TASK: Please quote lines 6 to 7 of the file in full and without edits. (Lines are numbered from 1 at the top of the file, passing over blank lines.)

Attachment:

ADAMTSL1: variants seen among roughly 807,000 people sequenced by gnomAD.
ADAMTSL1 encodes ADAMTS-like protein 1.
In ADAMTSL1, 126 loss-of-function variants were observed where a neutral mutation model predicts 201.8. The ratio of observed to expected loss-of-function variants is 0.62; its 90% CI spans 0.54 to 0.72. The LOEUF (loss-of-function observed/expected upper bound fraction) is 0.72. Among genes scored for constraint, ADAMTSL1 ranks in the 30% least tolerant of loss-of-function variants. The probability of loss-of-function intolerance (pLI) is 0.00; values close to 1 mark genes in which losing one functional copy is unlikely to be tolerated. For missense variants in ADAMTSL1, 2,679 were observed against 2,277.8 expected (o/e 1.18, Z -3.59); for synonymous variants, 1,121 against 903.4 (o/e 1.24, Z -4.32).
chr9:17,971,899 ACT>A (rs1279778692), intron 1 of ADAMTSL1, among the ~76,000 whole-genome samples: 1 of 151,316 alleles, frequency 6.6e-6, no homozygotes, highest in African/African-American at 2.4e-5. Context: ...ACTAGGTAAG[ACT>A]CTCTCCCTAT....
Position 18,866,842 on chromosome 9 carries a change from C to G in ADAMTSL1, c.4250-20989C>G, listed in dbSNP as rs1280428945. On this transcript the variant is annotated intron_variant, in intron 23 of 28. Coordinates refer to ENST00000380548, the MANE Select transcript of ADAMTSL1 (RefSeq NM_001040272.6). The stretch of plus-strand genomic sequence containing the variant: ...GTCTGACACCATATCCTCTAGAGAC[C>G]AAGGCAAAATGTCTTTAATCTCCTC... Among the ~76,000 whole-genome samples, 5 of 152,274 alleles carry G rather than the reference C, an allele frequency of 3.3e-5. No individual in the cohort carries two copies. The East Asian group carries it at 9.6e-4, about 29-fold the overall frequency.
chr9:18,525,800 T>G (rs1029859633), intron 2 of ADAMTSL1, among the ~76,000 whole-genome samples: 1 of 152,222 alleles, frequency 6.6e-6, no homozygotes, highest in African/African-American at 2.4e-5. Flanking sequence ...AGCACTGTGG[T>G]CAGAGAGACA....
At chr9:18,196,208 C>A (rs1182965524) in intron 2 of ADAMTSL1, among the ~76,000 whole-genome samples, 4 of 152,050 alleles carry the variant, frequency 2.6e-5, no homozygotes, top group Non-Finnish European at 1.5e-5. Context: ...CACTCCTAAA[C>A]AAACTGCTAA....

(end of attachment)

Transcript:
chr9:18,525,800 T>G (rs1029859633), intron 2 of ADAMTSL1, among the ~76,000 whole-genome samples: 1 of 152,222 alleles, frequency 6.6e-6, no homozygotes, highest in African/African-American at 2.4e-5. Flanking sequence ...AGCACTGTGG[T>G]CAGAGAGACA....
At chr9:18,196,208 C>A (rs1182965524) in intron 2 of ADAMTSL1, among the ~76,000 whole-genome samples, 4 of 152,050 alleles carry the variant, frequency 2.6e-5, no homozygotes, top group Non-Finnish European at 1.5e-5. Context: ...CACTCCTAAA[C>A]AAACTGCTAA....